Three illustrations from Robert Fludd‘s History of the Macrocosm and Microcosm (Utriusque Cosmi, Maioris scilicet et Minoris, metaphysica, physica, atque technica Historia, 1617—1621), as reprinted in Joscelyn Godwin’s summary of the same.

The Great Darkness

“The Great Darkness. ‘And thus, to infinity’” (p23).

A picture of pre-creation or un-creation, of materia prima, or Paracelsus‘s Mysterium Magnum.

Let there be Light

“Let there be Light” (p25).

From FIAT (“let it be”), the Spirit of God (the dove) creates the three realms of the universe by radiating its divine light in three revolutions: empyrean (the well-lit Heaven of the angels), ethereal (the crossroads of spirit and matter, domain of stars and demons), and elemental (dark home to man and plant).

The Primeval Duality

“The Primeval Duality” (p30-1). Click image for larger version.

A recapitulation of the dove’s progress. Down the right, “divine volunty, from which comes the divine act or wisdom, doing the will of the Father and revealing the foundations from the darkness and bringing to light the lethal shadow, creates the world of formless matter.” Down the left, “divine nolunty, from which comes divine potency, doing the Father’s nolunty.” Down the middle, “one from two”, “God, still one.”

Just “as Dionysus tears man into his seven pieces by night, so Apollo restores him by day to his sevenfold constitution. They are both none other than the one God, who works all in all.”

Alciati’s Emblematum Liber

March 23rd, 2007

Three emblems from Andrea Alciati‘s Emblematum Liber (1549 edition), recently translated by John F. Moffiit.

“The term ’emblema’ was frequently taken by Alciati’s contemporaries to represent the modern equivalent of the ancient hieroglyphs, for these also combined an enigmatic image with a mostly inscrutable text” (Moffit’s introduction, p7). Or, as Alciati’s teacher Filippo Fasanini described them, “short sayings… which can, in combination with painted or sculpted figures, wrap in shrouds the secrets of the mind” (p6). In Emblematum Liber, Alciati encoded 212 such emblems with moralistic allegories, lessons, histories.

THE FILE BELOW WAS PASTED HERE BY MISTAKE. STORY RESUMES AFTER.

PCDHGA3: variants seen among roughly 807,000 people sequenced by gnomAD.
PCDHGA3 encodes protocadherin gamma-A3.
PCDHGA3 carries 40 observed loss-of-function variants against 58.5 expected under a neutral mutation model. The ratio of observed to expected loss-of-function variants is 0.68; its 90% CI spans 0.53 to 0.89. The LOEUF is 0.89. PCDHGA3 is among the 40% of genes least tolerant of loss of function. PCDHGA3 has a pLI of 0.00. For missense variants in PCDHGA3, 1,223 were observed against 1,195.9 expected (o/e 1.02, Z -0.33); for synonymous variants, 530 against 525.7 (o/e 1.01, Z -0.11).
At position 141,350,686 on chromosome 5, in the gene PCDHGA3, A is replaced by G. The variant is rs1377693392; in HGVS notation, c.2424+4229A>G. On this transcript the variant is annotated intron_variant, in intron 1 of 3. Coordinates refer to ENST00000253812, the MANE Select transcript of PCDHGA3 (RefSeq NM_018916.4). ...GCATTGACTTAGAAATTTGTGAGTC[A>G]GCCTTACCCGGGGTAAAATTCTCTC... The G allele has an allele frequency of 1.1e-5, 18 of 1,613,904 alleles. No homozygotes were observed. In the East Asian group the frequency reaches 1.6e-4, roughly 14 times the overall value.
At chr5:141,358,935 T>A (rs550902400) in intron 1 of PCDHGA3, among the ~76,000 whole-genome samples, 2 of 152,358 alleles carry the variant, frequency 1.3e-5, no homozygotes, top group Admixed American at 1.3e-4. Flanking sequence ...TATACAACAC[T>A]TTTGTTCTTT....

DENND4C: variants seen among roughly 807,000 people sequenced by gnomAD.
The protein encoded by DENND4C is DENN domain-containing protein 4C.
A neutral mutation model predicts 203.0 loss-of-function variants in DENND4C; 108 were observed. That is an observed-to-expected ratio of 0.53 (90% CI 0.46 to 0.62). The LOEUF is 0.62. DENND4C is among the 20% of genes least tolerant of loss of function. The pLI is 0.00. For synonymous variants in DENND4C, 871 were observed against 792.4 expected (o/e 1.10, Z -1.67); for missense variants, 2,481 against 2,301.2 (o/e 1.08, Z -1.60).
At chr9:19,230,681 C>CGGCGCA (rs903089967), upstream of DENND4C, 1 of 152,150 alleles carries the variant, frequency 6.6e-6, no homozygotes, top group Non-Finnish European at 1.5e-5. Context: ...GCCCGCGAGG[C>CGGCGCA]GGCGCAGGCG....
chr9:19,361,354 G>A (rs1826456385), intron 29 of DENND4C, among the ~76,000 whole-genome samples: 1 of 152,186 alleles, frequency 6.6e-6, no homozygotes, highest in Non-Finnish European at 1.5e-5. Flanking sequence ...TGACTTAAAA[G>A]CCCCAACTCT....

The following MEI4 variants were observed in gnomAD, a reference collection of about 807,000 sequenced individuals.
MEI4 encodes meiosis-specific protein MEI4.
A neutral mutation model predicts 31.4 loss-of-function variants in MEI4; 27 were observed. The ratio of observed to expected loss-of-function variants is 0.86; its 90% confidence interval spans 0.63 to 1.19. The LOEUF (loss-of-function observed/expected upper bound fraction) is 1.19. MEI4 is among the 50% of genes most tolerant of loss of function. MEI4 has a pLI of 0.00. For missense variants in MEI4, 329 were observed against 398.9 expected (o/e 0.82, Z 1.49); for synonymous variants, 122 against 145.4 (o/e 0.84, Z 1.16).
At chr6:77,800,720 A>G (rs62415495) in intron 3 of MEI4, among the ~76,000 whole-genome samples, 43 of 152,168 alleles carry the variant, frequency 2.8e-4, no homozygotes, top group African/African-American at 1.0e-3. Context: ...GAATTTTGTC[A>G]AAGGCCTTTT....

Ass bearing Isis

Emblem 7 (p23)


A dim-witted ass was carrying an image of [the goddess] Isis, so bearing upon its bent back the venerated mysteries. Every passerby along its route worshipped the Goddess with reverence, falling to their knees to offer her their pious prayers. The ass, however, assumed that the honors were only being given to himself, and he swelled up with pride. This stopped when the donkey driver, correcting him with some whiplashes, told him: “You are not God, you half-baked ass, but only the bearer of God.”

The hand with an eye

Emblem 16 (p33)


States Epicharmus: “Never be credulous nor cease to be sober.” These are the sinews and members of the human mind. Behold the hand with an eye upon it; it only believes what it sees. Here is shown the mint, the herb symbolizing ancient sobriety. Brandishing this plant, Heraclitus pacified and soothed the maddened mob bursting into frenzied revolt.


Emblem 182 (p211)


“Old man from Pallenia, oh Proteus, you have as many shapes as an actor has roles. Why are your members sometimes that of a man, and sometimes that of an animal? Come on, tell me, what can be the reason for you to change into all manner of shapes, and yet you have no fixed form of your own?” “I reveal the signs belonging to the most remote ages, ancient and prehistoric, and each man imagines them according to his whimsy.”

Doyle on Fairies

March 15th, 2007

Three photographs of the The Cottingley Fairies, as described in Arthur Conan Doyle‘s The Coming of Fairies (1922), recently reissued by Bison Books. These photographs were taken by two girls (10 and 16 years old) in 1917, and subsequently defended by several as proof of fairies—including Doyle, who was evidently influenced by his interest in the Spiritualism and Theosophy movements.

“The recognition of their existence will jolt the material twentieth-century out of its heavy ruts in the mud, and will make it admit that there is a glamour and a mystery to life” (p58).

Elsie and the gnome